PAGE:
Four Salt-Water Ballads

Song Cycle by J. Frederick Keel (1871 - 1954)

Word count: 731

1. Hell's pavement [sung text checked 1 time]

"When I'm discharged at Liverpool 'n' draws my bit o' pay,
I won't come to sea no more;
I'll court a pretty little lass 'n' have a weddin' day,
'N' settle somewhere down shore;
I'll never fare to sea again a-temptin' Davy Jones,
A-hearkening to the cruel sharks a-hungerin' for my bones;
I'll run a blushin' dairy-farm or go a-crackin' stones,
Or buy 'n' keep a little liquor-store."
                                        So he said.

They towed her in to Liverpool, we made the hooker fast,
And the copper-bound [official]1 paid the crew,
And Billy drew his money, but the money didn't last,
For he painted the alongshore blue,
It was rum for Poll, and rum for Nan, and gin for Jolly Jack;
He shipped a week later in the clothes upon his back;
He had to pinch a little straw, he had to beg a sack
To sleep on, when his watch was through,
                                        So he did.

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First published in Speaker, September 1902
1 Keel: "officials"

Research team for this text: Emily Ezust [Administrator] , Mike Pearson

2. A wanderer's song [sung text checked 1 time]

A wind's in the heart of me, a fire's in my heels,
I am tired of brick and stone and rumbling wagon-wheels;
I hunger for the sea's edge, the [limit]1 of the land,
Where the wild old Atlantic is shouting on the sand.

Oh I'll be going, leaving the noises of the street,
To where a lifting foresail-foot is yanking at the sheet;
To a windy, tossing anchorage where yawls and ketches ride,
Oh I'll be going, going, until I meet the tide.

And first I'll hear the sea-wind, the mewing of the gulls,
The clucking, sucking of the sea about the rusty hulls,
The songs at the capstan [at]2 the hooker warping out,
And then the heart of me'll know I'm there or thereabout.

Oh I am sick of brick and stone, the heart of me is sick,
For windy green, unquiet sea, the realm of Moby Dick;
And I'll be going, going, from the roaring of the wheels,
For a wind's in the heart of me, a fire's in my heels.

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First published in Speaker (July 1902)
1 Keel: "limits"
2 Keel: "in"

Research team for this text: Emily Ezust [Administrator] , Mike Pearson

3. A sailor's prayer [sung text checked 1 time]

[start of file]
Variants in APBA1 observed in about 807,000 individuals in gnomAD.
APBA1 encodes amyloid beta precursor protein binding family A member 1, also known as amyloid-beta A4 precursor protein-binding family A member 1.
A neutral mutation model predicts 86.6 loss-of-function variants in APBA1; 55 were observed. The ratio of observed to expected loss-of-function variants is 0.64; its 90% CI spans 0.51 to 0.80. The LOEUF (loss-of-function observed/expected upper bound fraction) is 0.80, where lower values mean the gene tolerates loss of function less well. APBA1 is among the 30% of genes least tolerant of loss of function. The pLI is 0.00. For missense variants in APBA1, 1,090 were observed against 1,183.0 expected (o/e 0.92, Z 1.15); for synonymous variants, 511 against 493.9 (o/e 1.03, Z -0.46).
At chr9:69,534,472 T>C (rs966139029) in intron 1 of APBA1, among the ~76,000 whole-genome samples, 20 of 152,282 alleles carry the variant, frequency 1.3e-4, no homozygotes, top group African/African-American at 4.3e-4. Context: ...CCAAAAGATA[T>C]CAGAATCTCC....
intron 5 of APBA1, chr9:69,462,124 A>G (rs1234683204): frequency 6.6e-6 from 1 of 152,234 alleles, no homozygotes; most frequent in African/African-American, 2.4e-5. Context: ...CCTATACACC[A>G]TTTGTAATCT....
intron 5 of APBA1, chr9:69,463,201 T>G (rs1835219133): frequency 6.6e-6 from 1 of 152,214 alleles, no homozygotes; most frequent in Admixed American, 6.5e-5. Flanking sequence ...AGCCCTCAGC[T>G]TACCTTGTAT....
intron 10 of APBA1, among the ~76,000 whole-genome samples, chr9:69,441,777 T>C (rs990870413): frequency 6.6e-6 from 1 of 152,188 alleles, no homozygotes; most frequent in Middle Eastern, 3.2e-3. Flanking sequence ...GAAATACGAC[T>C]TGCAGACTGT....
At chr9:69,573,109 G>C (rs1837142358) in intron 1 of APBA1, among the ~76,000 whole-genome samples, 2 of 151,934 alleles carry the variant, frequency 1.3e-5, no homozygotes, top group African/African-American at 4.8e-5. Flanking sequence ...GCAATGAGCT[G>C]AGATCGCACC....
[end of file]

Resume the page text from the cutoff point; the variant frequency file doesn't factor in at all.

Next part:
When the last sea is sailed and the last shallow charted, 
When the last field is reaped and the last harvest stored, 
When the last fire is out and the last guest departed, 
Grant the last prayer that I shall pray, Be good to me, O Lord! 

And let me pass in a night at sea, a night of storm and thunder, 
In the loud crying of the wind through sail and rope and spar; 
Send me a ninth great peaceful wave to drown and roll me under 
To the cold tunny-fishes' home where the drowned galleons are. 

And in the dim green quiet place far out of sight and hearing, 
Grant I may hear at whiles the wash and thresh of the sea-foam 
About the fine keen bows of the stately clippers steering 
Towards the lone northern star and the fair ports of home. 

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First published as "A last prayer" in Broad Sheet, October 1902

Researcher for this text: Emily Ezust [Administrator]

4. Cape Horn Gospel [sung text checked 1 time]

"I was in a hooker once," said Karlssen,
"And Bill, as was a seaman, died,
So we lashed him in an old tarpaulin
And tumbled him across the side;
And the fun of it was that all his gear was
Divided up among the crew
Before that blushing human error
Our crawling little captain, knew.

"On the passage home one morning
(As certain as I prays for grace)
There was old Bill's shadder a-hauling
At the [mizzen weather]1 topsail brace.
He was all grown green with seaweed
He was all lashed up and shored;
So I says to him, I says, 'Why, Billy!
What's a-bringin' of you back aboard?'

"'I'm a-weary of them there mermaids,'
Says old Bill's ghost to me;
'It ain't no place for a Christian
Below there -- under sea.
For it's all blown sand and shipwrecks
And old bones eaten bare,
And them cold fishy females
With long green weeds for hair.

"'And there ain't no dances shuffled,
And no old yarns is spun,
And there ain't no stars but starfish,
And never any moon or sun.
I heard your keel a-passing
And the running rattle of the brace,
And I says, "Stand by,"' says William,
'"For a shift towards a better place."'

"Well, he sogered about decks till sunrise,
When a rooster in the hen-coop crowed,
And as so much smoke he faded,
And as so much smoke he goed;
And I've often wondered since, Jan,
How his old ghost stands to fare
Long o' them cold fishy females
With long green weeds for hair."

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1 Keel: "weather mizzen"

Research team for this text: Emily Ezust [Administrator] , Mike Pearson